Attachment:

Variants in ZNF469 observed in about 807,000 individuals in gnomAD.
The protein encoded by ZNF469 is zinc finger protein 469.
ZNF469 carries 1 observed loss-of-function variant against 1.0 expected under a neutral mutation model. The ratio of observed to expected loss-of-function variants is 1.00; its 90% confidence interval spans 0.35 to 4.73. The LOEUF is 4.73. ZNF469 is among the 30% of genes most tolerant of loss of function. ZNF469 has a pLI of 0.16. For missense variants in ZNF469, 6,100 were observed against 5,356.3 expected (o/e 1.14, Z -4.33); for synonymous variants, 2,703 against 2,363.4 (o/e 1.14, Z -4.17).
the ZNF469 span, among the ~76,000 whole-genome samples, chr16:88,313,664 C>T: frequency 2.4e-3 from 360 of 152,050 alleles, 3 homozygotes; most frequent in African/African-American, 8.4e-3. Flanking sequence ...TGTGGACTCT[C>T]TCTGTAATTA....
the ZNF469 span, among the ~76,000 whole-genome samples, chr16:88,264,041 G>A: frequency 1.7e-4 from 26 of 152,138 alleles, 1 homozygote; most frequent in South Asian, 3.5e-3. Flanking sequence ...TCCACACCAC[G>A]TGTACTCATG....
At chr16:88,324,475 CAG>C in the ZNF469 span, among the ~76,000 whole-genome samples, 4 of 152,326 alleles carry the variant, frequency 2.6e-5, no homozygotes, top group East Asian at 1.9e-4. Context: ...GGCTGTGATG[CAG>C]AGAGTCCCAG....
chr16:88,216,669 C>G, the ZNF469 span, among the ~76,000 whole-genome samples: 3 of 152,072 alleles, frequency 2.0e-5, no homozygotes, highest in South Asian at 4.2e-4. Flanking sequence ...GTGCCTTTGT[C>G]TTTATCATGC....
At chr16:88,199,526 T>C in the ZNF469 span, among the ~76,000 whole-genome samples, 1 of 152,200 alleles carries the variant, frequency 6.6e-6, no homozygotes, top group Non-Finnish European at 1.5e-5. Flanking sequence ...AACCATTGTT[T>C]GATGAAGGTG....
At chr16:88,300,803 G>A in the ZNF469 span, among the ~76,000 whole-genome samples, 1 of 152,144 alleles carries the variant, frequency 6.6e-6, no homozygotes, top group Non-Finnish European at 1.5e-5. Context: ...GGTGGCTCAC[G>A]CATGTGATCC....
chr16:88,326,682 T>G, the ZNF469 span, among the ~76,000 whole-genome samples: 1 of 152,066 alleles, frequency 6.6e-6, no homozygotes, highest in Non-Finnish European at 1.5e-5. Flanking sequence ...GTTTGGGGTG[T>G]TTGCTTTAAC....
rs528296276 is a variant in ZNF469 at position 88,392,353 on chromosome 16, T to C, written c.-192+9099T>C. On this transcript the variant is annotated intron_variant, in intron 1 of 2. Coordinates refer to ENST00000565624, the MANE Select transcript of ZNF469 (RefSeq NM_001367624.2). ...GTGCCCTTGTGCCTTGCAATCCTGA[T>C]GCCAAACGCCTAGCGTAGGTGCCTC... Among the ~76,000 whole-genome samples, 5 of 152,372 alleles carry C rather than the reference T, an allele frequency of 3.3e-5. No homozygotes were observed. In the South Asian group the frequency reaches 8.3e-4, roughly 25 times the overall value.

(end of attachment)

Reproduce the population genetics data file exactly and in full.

Variants in ZNF469 observed in about 807,000 individuals in gnomAD.
The protein encoded by ZNF469 is zinc finger protein 469.
ZNF469 carries 1 observed loss-of-function variant against 1.0 expected under a neutral mutation model. The ratio of observed to expected loss-of-function variants is 1.00; its 90% confidence interval spans 0.35 to 4.73. The LOEUF is 4.73. ZNF469 is among the 30% of genes most tolerant of loss of function. ZNF469 has a pLI of 0.16. For missense variants in ZNF469, 6,100 were observed against 5,356.3 expected (o/e 1.14, Z -4.33); for synonymous variants, 2,703 against 2,363.4 (o/e 1.14, Z -4.17).
the ZNF469 span, among the ~76,000 whole-genome samples, chr16:88,313,664 C>T: frequency 2.4e-3 from 360 of 152,050 alleles, 3 homozygotes; most frequent in African/African-American, 8.4e-3. Flanking sequence ...TGTGGACTCT[C>T]TCTGTAATTA....
the ZNF469 span, among the ~76,000 whole-genome samples, chr16:88,264,041 G>A: frequency 1.7e-4 from 26 of 152,138 alleles, 1 homozygote; most frequent in South Asian, 3.5e-3. Flanking sequence ...TCCACACCAC[G>A]TGTACTCATG....
At chr16:88,324,475 CAG>C in the ZNF469 span, among the ~76,000 whole-genome samples, 4 of 152,326 alleles carry the variant, frequency 2.6e-5, no homozygotes, top group East Asian at 1.9e-4. Context: ...GGCTGTGATG[CAG>C]AGAGTCCCAG....
chr16:88,216,669 C>G, the ZNF469 span, among the ~76,000 whole-genome samples: 3 of 152,072 alleles, frequency 2.0e-5, no homozygotes, highest in South Asian at 4.2e-4. Flanking sequence ...GTGCCTTTGT[C>G]TTTATCATGC....
At chr16:88,199,526 T>C in the ZNF469 span, among the ~76,000 whole-genome samples, 1 of 152,200 alleles carries the variant, frequency 6.6e-6, no homozygotes, top group Non-Finnish European at 1.5e-5. Flanking sequence ...AACCATTGTT[T>C]GATGAAGGTG....
At chr16:88,300,803 G>A in the ZNF469 span, among the ~76,000 whole-genome samples, 1 of 152,144 alleles carries the variant, frequency 6.6e-6, no homozygotes, top group Non-Finnish European at 1.5e-5. Context: ...GGTGGCTCAC[G>A]CATGTGATCC....
chr16:88,326,682 T>G, the ZNF469 span, among the ~76,000 whole-genome samples: 1 of 152,066 alleles, frequency 6.6e-6, no homozygotes, highest in Non-Finnish European at 1.5e-5. Flanking sequence ...GTTTGGGGTG[T>G]TTGCTTTAAC....
rs528296276 is a variant in ZNF469 at position 88,392,353 on chromosome 16, T to C, written c.-192+9099T>C. On this transcript the variant is annotated intron_variant, in intron 1 of 2. Coordinates refer to ENST00000565624, the MANE Select transcript of ZNF469 (RefSeq NM_001367624.2). ...GTGCCCTTGTGCCTTGCAATCCTGA[T>C]GCCAAACGCCTAGCGTAGGTGCCTC... Among the ~76,000 whole-genome samples, 5 of 152,372 alleles carry C rather than the reference T, an allele frequency of 3.3e-5. No homozygotes were observed. In the South Asian group the frequency reaches 8.3e-4, roughly 25 times the overall value.